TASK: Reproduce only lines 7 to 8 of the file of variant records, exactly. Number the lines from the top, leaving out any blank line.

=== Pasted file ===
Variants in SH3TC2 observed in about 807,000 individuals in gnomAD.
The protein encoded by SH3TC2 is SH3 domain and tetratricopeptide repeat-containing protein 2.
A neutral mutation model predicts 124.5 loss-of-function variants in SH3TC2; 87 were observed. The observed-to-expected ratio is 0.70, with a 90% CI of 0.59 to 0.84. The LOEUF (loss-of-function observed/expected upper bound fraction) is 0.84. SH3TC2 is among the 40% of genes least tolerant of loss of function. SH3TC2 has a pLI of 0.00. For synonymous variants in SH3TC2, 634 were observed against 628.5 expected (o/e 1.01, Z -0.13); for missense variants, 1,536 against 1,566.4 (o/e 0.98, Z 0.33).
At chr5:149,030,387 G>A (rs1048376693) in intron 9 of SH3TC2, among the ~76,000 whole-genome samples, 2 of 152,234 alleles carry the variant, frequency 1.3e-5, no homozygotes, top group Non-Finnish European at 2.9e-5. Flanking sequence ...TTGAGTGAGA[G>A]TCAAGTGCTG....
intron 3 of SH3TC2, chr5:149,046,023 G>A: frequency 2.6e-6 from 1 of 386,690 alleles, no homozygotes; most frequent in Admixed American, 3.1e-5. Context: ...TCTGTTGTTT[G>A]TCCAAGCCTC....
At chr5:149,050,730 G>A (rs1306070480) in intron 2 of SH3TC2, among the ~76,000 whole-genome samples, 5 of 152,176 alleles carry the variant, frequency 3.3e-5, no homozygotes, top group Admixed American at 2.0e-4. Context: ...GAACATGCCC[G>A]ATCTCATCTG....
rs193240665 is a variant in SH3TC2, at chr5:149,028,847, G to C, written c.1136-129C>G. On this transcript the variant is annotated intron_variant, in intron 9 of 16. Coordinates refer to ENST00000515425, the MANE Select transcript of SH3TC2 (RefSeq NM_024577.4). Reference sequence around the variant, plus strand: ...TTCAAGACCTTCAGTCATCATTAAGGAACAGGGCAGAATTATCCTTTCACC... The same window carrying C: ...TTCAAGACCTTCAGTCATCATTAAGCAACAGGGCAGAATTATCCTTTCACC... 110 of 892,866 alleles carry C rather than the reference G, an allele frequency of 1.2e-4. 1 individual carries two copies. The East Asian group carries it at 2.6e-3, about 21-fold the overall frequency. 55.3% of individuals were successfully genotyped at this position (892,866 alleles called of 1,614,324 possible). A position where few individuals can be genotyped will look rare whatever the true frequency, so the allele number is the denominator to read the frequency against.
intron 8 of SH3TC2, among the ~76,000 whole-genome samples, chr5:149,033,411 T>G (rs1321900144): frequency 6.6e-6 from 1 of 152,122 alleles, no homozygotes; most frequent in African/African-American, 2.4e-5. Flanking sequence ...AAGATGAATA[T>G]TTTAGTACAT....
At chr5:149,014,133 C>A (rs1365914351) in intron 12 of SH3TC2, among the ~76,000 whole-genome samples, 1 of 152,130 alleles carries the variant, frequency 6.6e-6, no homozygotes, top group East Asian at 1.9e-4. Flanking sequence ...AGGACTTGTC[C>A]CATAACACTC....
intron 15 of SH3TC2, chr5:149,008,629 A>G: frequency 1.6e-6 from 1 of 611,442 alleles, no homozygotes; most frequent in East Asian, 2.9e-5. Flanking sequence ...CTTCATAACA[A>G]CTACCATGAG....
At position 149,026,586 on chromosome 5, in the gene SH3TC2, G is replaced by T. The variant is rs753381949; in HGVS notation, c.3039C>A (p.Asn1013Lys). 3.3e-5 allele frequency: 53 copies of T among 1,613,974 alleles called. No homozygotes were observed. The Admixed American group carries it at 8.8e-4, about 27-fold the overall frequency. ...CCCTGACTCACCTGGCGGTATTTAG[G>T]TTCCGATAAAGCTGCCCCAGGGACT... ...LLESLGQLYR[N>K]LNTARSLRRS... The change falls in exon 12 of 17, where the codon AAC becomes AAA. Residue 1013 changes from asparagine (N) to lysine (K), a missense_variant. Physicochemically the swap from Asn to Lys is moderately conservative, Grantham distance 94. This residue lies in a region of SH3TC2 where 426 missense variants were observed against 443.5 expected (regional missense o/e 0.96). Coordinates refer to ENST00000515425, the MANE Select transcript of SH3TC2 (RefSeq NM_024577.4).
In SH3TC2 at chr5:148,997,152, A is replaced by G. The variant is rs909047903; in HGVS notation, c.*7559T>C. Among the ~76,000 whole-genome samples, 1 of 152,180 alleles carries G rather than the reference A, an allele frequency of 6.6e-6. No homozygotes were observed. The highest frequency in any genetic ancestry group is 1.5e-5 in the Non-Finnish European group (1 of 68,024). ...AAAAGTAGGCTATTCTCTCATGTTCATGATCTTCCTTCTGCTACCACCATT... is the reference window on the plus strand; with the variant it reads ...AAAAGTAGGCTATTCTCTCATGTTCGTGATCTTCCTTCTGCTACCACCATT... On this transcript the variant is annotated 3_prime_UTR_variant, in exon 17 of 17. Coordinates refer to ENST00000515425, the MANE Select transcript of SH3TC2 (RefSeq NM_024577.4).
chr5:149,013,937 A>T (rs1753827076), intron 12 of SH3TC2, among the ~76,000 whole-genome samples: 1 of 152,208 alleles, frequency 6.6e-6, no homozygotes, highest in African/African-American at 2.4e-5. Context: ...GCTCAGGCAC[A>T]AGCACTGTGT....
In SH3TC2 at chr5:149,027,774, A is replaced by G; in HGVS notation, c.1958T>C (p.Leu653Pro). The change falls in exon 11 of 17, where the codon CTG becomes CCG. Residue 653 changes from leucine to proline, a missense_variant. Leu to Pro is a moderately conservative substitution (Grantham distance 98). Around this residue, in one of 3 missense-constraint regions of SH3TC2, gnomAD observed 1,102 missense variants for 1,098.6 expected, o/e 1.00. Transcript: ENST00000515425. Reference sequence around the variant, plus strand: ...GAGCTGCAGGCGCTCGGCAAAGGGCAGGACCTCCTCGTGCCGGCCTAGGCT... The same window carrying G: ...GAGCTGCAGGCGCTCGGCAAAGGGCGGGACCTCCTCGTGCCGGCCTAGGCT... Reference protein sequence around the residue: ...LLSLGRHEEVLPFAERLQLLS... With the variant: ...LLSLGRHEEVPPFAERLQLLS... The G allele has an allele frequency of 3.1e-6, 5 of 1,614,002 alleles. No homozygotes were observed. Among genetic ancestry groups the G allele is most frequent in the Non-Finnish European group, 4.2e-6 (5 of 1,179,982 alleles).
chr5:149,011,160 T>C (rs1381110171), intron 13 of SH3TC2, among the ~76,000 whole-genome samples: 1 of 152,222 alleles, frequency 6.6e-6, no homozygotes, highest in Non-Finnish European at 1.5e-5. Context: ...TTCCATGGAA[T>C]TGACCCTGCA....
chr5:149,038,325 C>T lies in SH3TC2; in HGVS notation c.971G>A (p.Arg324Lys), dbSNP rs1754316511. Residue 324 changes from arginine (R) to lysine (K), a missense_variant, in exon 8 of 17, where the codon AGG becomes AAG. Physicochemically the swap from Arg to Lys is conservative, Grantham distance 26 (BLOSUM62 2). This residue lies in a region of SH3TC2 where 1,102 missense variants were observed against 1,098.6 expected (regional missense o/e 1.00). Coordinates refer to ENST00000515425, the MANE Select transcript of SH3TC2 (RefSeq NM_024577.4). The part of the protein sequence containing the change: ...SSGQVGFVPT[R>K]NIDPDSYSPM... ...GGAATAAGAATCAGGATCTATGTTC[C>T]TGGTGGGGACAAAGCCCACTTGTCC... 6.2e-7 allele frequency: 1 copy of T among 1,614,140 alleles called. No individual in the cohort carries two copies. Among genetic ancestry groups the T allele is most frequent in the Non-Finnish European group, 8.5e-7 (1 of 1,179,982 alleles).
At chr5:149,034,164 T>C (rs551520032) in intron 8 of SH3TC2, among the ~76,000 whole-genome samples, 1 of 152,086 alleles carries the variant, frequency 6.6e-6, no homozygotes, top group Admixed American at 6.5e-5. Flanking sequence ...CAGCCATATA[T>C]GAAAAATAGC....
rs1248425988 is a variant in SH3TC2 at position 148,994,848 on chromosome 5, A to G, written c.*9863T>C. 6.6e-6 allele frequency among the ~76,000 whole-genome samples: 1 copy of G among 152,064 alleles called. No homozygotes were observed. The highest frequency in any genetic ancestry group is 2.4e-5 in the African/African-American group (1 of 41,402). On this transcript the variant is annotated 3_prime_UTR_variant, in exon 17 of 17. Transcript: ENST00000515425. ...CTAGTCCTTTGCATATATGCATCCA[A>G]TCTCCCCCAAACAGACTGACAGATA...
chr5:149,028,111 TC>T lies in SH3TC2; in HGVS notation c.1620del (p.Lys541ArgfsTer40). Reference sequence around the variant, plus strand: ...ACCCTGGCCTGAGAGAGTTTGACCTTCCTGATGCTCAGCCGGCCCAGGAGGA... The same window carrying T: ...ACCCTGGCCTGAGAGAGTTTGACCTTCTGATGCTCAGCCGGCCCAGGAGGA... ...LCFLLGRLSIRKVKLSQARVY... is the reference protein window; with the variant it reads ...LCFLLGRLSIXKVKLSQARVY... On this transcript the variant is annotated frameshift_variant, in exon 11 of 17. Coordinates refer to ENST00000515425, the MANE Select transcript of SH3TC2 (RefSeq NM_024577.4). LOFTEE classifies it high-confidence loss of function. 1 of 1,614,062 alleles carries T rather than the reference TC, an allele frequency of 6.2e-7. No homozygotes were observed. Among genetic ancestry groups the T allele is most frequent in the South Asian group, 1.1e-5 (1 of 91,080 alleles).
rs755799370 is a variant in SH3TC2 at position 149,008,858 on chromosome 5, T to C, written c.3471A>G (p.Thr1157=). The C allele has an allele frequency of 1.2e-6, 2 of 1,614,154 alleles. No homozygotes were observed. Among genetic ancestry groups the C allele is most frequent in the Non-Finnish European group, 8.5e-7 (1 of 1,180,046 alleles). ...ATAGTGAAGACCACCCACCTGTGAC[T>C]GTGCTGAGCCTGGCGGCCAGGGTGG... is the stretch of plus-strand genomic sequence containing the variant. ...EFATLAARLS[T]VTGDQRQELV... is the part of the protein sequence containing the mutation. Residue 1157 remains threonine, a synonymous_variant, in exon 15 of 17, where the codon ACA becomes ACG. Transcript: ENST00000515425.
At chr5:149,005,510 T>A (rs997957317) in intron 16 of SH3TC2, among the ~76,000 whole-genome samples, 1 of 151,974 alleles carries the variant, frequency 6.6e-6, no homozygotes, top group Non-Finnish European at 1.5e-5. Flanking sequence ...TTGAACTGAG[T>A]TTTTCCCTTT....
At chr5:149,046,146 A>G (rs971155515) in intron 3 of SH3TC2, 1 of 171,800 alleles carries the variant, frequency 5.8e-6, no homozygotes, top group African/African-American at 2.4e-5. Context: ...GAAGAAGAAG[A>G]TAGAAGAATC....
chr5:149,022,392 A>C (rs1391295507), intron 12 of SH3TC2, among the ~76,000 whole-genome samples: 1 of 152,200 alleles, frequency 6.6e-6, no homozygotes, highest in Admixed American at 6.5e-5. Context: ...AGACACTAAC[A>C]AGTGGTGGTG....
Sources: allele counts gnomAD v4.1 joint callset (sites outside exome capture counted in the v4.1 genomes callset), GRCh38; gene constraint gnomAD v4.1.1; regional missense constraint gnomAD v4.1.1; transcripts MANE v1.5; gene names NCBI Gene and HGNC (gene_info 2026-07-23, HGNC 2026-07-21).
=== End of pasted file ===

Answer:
rs193240665 is a variant in SH3TC2, at chr5:149,028,847, G to C, written c.1136-129C>G. On this transcript the variant is annotated intron_variant, in intron 9 of 16. Coordinates refer to ENST00000515425, the MANE Select transcript of SH3TC2 (RefSeq NM_024577.4). Reference sequence around the variant, plus strand: ...TTCAAGACCTTCAGTCATCATTAAGGAACAGGGCAGAATTATCCTTTCACC... The same window carrying C: ...TTCAAGACCTTCAGTCATCATTAAGCAACAGGGCAGAATTATCCTTTCACC... 110 of 892,866 alleles carry C rather than the reference G, an allele frequency of 1.2e-4. 1 individual carries two copies. The East Asian group carries it at 2.6e-3, about 21-fold the overall frequency. 55.3% of individuals were successfully genotyped at this position (892,866 alleles called of 1,614,324 possible). A position where few individuals can be genotyped will look rare whatever the true frequency, so the allele number is the denominator to read the frequency against.
intron 8 of SH3TC2, among the ~76,000 whole-genome samples, chr5:149,033,411 T>G (rs1321900144): frequency 6.6e-6 from 1 of 152,122 alleles, no homozygotes; most frequent in African/African-American, 2.4e-5. Flanking sequence ...AAGATGAATA[T>G]TTTAGTACAT....